Ok here is my frustration. I had Microeconomics, Macroeconomics, Money and Banking, as an undergraduate, and MBA Economics in graduate school. Now I am reading the CFAI Economics and I am shaking my head, wondering what a joke. Are we to remember all of these graphs, charts, and numerous shifts in demand/supply, and MC =MR, etc. How does one tell what is important and what is not? It is almost impossible to remember all of this. Does anyone have a good strategy for Econ? Thanks
Yes you have to remember. There’s no way to tell which are going to come out and which are not (else everyone will just be learning the minimum).
econ you get the least bang for your buck… sooooo much material and only 24 questions… i made about 300 flash cards for econ… alot of 2 part questions on the test…if you know it cold you can snag some easy points
Here’s my $0.02 (like equity, probably overvalued): Graphs are typically NOT on the exam, but the intuition behind them is. Approach the graphs as a pictorial way of telling a story. You can do the same verbally. However you do it, make sure you get the “story” (i.e. the intuition) behind the graph. I also thought there was a lot of low hanging fruit. A lot of work for the # of questions, but a fair amount of time for the number you’ll probably get right.
I was doing fine in Econ until I came to foreign exchange. That stuff messed me up and you will see questions in that area. And of course, what you don’t know, you think the whole test is based on those questions.
by the way Econ was the hardest section for me on Level I exam in December and I heard that was also the case in June of this year.
busprof Wrote: ------------------------------------------------------- > Here’s my $0.02 (like equity, probably > overvalued): > > Graphs are typically NOT on the exam, but the > intuition behind them is. Approach the graphs as > a pictorial way of telling a story. You can do > the same verbally. However you do it, make sure > you get the “story” (i.e. the intuition) behind > the graph. > > I also thought there was a lot of low hanging > fruit. A lot of work for the # of questions, but > a fair amount of time for the number you’ll > probably get right. ^^Is bang on. Get the story, plus a few key points - Producers want to produce at MR=MC. GDP = C+I+G+X etc. For exam day, solve intuitively.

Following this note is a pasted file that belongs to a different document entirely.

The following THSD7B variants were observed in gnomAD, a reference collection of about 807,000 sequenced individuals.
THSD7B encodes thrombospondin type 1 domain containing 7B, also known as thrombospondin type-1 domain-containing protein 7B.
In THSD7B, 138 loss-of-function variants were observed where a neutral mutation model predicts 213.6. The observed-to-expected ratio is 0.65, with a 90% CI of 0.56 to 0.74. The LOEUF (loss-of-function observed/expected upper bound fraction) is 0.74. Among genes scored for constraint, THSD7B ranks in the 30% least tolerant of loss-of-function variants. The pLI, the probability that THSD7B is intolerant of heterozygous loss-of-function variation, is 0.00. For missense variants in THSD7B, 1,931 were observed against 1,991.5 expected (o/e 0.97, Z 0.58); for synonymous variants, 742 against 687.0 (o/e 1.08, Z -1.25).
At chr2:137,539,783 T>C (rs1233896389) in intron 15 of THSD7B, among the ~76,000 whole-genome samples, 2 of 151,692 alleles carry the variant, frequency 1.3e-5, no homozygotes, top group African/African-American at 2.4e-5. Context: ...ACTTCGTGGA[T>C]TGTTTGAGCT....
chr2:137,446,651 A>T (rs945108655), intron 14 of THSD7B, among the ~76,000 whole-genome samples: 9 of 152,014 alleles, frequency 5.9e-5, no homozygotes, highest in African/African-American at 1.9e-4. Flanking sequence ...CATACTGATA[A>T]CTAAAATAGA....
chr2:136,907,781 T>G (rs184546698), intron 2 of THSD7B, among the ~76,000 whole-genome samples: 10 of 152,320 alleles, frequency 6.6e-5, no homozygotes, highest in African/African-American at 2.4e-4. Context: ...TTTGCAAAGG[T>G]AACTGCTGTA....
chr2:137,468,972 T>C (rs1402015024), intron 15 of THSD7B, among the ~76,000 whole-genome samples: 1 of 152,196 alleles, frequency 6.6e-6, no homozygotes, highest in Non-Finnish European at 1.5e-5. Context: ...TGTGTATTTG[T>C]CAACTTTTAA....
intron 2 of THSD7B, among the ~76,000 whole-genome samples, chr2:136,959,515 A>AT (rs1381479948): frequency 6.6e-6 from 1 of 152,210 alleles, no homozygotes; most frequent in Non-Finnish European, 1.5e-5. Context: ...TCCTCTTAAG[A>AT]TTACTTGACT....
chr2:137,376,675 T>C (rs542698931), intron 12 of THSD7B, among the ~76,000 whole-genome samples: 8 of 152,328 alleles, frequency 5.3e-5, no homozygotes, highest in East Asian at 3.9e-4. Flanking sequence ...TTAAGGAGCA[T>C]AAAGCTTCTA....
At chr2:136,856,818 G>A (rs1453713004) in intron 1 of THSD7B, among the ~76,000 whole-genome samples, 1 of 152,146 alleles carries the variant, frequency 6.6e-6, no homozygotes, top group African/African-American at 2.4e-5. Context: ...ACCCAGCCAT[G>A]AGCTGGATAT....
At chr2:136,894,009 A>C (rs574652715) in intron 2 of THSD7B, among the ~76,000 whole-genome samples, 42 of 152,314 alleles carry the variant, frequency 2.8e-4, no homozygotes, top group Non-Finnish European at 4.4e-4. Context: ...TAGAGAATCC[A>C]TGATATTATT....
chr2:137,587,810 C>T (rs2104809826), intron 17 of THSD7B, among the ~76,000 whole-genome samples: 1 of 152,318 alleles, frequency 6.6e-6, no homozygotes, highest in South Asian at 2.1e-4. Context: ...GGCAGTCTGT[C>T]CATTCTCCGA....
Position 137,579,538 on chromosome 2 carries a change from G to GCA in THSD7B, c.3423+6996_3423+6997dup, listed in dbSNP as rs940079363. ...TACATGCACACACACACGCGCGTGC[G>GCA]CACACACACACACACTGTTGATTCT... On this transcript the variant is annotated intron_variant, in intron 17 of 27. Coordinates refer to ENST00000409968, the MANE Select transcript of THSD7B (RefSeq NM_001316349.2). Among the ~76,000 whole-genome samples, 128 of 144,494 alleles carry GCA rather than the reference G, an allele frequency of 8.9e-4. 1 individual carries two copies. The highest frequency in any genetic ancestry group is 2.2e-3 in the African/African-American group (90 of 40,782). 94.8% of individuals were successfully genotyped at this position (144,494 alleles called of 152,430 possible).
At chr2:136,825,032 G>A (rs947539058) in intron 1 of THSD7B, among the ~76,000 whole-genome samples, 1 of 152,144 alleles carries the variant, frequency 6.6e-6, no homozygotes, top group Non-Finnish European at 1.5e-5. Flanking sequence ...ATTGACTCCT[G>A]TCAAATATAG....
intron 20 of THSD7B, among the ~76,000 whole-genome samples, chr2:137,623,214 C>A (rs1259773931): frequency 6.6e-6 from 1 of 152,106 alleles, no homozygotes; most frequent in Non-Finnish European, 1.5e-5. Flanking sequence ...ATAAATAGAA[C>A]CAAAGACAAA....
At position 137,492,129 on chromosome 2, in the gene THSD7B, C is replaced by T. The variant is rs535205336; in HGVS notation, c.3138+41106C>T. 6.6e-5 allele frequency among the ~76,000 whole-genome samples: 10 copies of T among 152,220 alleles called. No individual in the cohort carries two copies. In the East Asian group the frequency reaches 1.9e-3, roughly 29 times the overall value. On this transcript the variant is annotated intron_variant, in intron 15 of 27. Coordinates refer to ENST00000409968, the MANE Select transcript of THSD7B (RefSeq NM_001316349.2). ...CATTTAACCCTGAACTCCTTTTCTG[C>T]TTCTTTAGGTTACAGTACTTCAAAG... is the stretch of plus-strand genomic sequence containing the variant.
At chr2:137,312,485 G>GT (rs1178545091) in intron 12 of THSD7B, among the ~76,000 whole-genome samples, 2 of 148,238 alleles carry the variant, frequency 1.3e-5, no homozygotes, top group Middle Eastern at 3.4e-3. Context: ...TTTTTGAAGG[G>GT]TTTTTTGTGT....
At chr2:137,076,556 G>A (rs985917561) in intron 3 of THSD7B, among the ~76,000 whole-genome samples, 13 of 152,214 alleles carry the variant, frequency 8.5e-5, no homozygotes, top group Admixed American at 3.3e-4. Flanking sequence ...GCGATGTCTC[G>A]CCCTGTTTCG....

I was in the same boat. On all my practice test, eco was easily my worst score. I basically gave up on it in Novemeber and focused on other areas, but a week before the test, I reviewed some things that I felt I would definitly see, and ultimately did. - the difference between classical/keynsian/monetarist policies - foreign exchange (cross rates, etc.) - basics of price elasticity - perfect competition/monopolistic competition/oligoploy/monopoly - understand the chart in the schweser notes about what happens due to expected/unexpected shifts in monetary/fiscal policy I knew that stuff cold and felt like I performed better on the actual exam than I did on the practice schweser exams or the CFAI online exams. I still don’t expect to score >70 there, but I think I made up the difference in some other sections by conceding a bit. However, it is still early, so you have plenty of time to go through it and master some of the concepts. I would recommend supplementing your study time on other, more heavily weighted sections with a little bit of economics here and there, rather than trying to just hammer straight through the book. It was incredibly dull and vague to me, and I think that was part of the problem. Of course, I may end up failing, so take all this with a grain of salt.
U majored in econ, got an MBA in economics, and yet u can’t sit thru all these HS econ stuff? I dont know, something smells fishy about your educational background. To me, econ is the easy and interest, and its not rocket science to understand the graphs
he never said that he majored in econ nor did he say that his mba concentration was econ…
What does “econ is the easy and interest” mean?
They never ask graphs in exam for econ. ONLY intuition behind the story and lots of 2 sections questions. You HAVE to supplement your reading with some research of major terms on the internet. HTH
I just finished Section 4 and Section 6 fo Econ. What messed me up were the perfect competition, monopoly etc in section 5 so I skipped it. But over all its very interesting. I have engineering background by the way… You need to definately know “AS-AD” reading before you get to section 6.
I was fairly pleased with the amount of economics material in the L1 curriculum. I was a math major but I have taken a whole bunch of courses dealing with econ. I was relieved to see no mention of isocost, isoquant, etc… Is it just me or is the “international economics” section omitted from the June 2008 exam? I already finished the Econ book and there was no mention of anything of the sort.
redbaron, I would agree with you: economics is really a lot of information for *only* 12% of the exam. Think about one thing, on the exam, there are questions on all topics, the easy ones and the difficult ones. So you should try to understand all concepts as much as you can. I good tip (at least for me): the Secret Sauce, that will be published in a few months… Regards, Marc
Is it just me…or does Econ go hand in hand with method man…?
when i started studying eco i tried writing notes, but then realised it was a waste of time, and the most inefficient method, considering how much info there was to learn… i found that really learning the graphs helped alot… like they say, a picture says a thousand words…